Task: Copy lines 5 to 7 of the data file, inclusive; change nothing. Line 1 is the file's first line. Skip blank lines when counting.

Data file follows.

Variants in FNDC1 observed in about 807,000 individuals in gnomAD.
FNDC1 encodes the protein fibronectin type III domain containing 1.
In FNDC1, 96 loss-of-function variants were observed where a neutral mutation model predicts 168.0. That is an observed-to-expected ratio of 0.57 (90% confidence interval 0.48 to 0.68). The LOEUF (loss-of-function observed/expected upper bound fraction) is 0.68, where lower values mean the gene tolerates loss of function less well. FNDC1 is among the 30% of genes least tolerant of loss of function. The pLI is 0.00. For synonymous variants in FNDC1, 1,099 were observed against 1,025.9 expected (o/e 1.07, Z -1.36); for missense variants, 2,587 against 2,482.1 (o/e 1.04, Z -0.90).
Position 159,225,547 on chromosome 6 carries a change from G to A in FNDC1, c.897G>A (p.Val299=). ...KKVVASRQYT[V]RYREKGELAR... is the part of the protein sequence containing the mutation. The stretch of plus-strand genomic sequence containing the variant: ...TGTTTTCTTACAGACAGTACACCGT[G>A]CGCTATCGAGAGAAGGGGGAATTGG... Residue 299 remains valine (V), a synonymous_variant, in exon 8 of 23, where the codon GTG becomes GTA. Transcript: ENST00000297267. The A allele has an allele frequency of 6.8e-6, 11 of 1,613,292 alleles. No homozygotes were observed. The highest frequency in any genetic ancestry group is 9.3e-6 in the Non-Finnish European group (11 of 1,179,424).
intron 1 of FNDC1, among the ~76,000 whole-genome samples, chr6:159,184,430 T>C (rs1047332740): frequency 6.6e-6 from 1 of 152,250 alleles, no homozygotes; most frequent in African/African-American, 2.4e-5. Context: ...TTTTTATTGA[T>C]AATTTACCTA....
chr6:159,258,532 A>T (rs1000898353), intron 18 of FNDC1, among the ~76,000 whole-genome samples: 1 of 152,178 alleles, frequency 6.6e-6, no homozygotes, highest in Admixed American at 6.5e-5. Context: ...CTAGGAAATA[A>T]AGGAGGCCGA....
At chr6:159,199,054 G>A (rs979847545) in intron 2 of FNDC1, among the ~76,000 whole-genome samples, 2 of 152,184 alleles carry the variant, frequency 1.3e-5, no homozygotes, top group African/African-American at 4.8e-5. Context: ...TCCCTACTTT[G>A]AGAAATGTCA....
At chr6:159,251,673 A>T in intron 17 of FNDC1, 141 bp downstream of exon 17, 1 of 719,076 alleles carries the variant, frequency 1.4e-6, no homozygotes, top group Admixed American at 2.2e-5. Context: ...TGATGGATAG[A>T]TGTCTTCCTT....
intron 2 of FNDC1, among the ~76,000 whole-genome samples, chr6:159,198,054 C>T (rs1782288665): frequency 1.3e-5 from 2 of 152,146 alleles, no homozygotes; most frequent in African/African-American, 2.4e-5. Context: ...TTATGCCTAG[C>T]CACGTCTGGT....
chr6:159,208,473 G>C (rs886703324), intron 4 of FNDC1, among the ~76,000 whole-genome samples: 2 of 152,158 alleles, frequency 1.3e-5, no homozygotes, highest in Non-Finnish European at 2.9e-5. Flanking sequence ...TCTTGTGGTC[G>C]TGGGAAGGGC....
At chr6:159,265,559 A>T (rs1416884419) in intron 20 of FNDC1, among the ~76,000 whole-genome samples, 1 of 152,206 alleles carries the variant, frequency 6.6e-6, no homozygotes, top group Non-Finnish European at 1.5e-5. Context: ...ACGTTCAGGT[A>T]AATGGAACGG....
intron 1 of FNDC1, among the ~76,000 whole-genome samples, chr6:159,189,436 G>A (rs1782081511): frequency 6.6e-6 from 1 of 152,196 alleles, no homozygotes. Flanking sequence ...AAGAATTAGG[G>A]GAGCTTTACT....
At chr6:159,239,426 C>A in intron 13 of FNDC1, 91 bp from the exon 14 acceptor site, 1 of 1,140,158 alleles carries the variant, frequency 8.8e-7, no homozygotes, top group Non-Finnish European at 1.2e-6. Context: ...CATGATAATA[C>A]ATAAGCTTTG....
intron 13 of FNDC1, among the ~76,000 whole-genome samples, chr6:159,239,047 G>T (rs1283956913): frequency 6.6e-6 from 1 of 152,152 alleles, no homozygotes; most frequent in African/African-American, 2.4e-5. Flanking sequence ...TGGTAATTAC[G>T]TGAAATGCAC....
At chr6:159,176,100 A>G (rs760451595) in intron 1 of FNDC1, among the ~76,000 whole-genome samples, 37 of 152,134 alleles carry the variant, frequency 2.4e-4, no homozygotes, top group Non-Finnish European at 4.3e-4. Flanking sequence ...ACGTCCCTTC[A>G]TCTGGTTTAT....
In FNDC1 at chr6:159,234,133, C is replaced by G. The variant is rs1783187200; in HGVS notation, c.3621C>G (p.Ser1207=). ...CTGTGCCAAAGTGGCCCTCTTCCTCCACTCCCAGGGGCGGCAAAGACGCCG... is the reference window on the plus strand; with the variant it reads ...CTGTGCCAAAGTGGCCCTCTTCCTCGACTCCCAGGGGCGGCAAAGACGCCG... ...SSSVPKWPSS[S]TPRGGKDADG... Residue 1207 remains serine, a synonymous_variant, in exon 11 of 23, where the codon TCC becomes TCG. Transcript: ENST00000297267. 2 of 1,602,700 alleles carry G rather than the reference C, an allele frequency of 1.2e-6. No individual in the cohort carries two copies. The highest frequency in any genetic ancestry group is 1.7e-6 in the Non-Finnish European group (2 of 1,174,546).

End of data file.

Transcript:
intron 1 of FNDC1, among the ~76,000 whole-genome samples, chr6:159,184,430 T>C (rs1047332740): frequency 6.6e-6 from 1 of 152,250 alleles, no homozygotes; most frequent in African/African-American, 2.4e-5. Context: ...TTTTTATTGA[T>C]AATTTACCTA....
chr6:159,258,532 A>T (rs1000898353), intron 18 of FNDC1, among the ~76,000 whole-genome samples: 1 of 152,178 alleles, frequency 6.6e-6, no homozygotes, highest in Admixed American at 6.5e-5. Context: ...CTAGGAAATA[A>T]AGGAGGCCGA....
At chr6:159,199,054 G>A (rs979847545) in intron 2 of FNDC1, among the ~76,000 whole-genome samples, 2 of 152,184 alleles carry the variant, frequency 1.3e-5, no homozygotes, top group African/African-American at 4.8e-5. Context: ...TCCCTACTTT[G>A]AGAAATGTCA....